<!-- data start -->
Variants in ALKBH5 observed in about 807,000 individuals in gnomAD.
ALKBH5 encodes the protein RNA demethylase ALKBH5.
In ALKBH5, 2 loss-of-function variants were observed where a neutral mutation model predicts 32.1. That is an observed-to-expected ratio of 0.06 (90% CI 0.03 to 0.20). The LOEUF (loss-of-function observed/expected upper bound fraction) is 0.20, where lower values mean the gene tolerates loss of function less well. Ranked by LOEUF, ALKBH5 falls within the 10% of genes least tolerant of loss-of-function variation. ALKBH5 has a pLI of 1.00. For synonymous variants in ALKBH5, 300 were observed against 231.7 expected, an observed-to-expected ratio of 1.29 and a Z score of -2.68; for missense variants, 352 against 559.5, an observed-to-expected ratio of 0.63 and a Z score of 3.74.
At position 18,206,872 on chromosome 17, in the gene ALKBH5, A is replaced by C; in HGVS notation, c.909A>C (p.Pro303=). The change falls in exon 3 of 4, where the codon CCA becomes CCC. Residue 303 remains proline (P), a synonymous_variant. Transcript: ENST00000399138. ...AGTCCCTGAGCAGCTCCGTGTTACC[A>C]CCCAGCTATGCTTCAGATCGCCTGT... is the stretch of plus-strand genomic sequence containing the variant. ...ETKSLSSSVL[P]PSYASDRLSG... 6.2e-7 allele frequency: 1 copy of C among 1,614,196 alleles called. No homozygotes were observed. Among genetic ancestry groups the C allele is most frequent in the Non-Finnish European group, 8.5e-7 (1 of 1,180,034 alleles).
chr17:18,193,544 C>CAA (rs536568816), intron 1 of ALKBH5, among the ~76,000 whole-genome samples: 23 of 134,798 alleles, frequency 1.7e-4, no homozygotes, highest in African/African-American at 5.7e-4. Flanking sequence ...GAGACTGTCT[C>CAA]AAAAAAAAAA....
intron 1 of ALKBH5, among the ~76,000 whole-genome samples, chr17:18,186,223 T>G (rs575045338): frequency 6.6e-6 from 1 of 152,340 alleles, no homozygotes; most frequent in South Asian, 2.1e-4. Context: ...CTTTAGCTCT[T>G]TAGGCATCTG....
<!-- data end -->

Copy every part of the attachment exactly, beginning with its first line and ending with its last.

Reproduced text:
Variants in ALKBH5 observed in about 807,000 individuals in gnomAD.
ALKBH5 encodes the protein RNA demethylase ALKBH5.
In ALKBH5, 2 loss-of-function variants were observed where a neutral mutation model predicts 32.1. That is an observed-to-expected ratio of 0.06 (90% CI 0.03 to 0.20). The LOEUF (loss-of-function observed/expected upper bound fraction) is 0.20, where lower values mean the gene tolerates loss of function less well. Ranked by LOEUF, ALKBH5 falls within the 10% of genes least tolerant of loss-of-function variation. ALKBH5 has a pLI of 1.00. For synonymous variants in ALKBH5, 300 were observed against 231.7 expected, an observed-to-expected ratio of 1.29 and a Z score of -2.68; for missense variants, 352 against 559.5, an observed-to-expected ratio of 0.63 and a Z score of 3.74.
At position 18,206,872 on chromosome 17, in the gene ALKBH5, A is replaced by C; in HGVS notation, c.909A>C (p.Pro303=). The change falls in exon 3 of 4, where the codon CCA becomes CCC. Residue 303 remains proline (P), a synonymous_variant. Transcript: ENST00000399138. ...AGTCCCTGAGCAGCTCCGTGTTACC[A>C]CCCAGCTATGCTTCAGATCGCCTGT... is the stretch of plus-strand genomic sequence containing the variant. ...ETKSLSSSVL[P]PSYASDRLSG... 6.2e-7 allele frequency: 1 copy of C among 1,614,196 alleles called. No homozygotes were observed. Among genetic ancestry groups the C allele is most frequent in the Non-Finnish European group, 8.5e-7 (1 of 1,180,034 alleles).
chr17:18,193,544 C>CAA (rs536568816), intron 1 of ALKBH5, among the ~76,000 whole-genome samples: 23 of 134,798 alleles, frequency 1.7e-4, no homozygotes, highest in African/African-American at 5.7e-4. Flanking sequence ...GAGACTGTCT[C>CAA]AAAAAAAAAA....
intron 1 of ALKBH5, among the ~76,000 whole-genome samples, chr17:18,186,223 T>G (rs575045338): frequency 6.6e-6 from 1 of 152,340 alleles, no homozygotes; most frequent in South Asian, 2.1e-4. Context: ...CTTTAGCTCT[T>G]TAGGCATCTG....